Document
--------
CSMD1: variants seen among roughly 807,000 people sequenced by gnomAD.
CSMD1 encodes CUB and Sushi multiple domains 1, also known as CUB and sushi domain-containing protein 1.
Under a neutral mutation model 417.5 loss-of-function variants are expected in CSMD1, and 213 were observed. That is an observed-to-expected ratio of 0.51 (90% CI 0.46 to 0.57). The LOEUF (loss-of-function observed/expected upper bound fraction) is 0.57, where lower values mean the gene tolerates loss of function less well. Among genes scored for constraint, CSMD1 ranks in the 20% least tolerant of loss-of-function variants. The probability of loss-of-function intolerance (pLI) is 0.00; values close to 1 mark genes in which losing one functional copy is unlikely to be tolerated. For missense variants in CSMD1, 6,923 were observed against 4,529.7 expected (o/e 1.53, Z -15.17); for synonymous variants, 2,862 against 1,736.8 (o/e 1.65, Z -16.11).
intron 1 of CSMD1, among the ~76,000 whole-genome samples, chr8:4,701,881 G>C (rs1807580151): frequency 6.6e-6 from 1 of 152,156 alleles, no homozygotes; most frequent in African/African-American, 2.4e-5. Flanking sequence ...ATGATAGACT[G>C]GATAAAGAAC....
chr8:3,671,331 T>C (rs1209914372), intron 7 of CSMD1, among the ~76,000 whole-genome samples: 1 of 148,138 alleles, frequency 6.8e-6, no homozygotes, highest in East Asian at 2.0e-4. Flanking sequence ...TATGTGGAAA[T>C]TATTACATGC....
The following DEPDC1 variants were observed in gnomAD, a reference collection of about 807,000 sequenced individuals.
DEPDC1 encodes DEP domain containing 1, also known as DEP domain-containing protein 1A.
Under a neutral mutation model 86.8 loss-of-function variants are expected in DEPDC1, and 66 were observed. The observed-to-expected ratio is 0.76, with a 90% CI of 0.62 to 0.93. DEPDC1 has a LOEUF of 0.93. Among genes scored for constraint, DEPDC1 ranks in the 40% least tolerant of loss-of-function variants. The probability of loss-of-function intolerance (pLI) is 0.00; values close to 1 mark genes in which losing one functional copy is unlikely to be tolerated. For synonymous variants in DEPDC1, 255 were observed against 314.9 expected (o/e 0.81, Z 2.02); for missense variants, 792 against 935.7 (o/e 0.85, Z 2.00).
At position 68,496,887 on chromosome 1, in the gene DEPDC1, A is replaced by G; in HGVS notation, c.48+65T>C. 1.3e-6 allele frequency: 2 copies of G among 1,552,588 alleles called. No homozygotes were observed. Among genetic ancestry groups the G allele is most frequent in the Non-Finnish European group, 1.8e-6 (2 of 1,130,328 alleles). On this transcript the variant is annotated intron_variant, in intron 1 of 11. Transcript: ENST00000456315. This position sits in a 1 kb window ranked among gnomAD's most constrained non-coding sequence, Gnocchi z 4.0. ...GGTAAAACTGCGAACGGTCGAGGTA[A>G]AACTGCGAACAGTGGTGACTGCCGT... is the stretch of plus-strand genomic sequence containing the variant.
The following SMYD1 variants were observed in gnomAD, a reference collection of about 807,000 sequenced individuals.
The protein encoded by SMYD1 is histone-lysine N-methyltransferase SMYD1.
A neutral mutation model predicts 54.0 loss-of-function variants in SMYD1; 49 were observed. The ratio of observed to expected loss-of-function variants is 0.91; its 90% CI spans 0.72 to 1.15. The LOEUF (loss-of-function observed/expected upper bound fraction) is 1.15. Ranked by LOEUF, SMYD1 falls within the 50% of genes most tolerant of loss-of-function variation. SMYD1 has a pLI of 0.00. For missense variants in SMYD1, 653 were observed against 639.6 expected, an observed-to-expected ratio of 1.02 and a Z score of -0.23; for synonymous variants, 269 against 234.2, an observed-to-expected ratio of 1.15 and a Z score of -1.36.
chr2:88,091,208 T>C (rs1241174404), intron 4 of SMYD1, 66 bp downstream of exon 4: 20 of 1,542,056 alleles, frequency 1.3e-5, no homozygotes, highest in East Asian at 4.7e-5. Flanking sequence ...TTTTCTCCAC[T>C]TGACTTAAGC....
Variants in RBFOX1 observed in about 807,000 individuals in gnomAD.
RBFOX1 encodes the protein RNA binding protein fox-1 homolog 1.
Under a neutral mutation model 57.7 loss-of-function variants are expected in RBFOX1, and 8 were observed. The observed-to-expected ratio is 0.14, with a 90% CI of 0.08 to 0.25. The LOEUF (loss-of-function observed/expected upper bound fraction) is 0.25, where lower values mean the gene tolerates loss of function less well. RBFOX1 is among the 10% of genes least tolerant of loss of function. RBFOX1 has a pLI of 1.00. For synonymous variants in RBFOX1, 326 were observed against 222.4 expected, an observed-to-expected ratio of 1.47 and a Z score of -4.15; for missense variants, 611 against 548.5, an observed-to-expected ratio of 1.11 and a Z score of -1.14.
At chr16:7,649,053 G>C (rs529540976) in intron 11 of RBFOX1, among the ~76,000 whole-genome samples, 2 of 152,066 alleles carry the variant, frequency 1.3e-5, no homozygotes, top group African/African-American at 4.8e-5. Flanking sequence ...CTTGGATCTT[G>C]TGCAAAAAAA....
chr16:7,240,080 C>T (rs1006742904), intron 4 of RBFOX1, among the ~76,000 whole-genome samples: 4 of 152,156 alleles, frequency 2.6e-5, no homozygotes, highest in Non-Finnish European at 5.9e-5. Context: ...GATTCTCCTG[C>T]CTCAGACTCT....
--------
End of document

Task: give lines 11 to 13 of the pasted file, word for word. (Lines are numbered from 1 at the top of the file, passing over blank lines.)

The protein encoded by SMYD1 is histone-lysine N-methyltransferase SMYD1.
A neutral mutation model predicts 54.0 loss-of-function variants in SMYD1; 49 were observed. The ratio of observed to expected loss-of-function variants is 0.91; its 90% CI spans 0.72 to 1.15. The LOEUF (loss-of-function observed/expected upper bound fraction) is 1.15. Ranked by LOEUF, SMYD1 falls within the 50% of genes most tolerant of loss-of-function variation. SMYD1 has a pLI of 0.00. For missense variants in SMYD1, 653 were observed against 639.6 expected, an observed-to-expected ratio of 1.02 and a Z score of -0.23; for synonymous variants, 269 against 234.2, an observed-to-expected ratio of 1.15 and a Z score of -1.36.
chr2:88,091,208 T>C (rs1241174404), intron 4 of SMYD1, 66 bp downstream of exon 4: 20 of 1,542,056 alleles, frequency 1.3e-5, no homozygotes, highest in East Asian at 4.7e-5. Flanking sequence ...TTTTCTCCAC[T>C]TGACTTAAGC....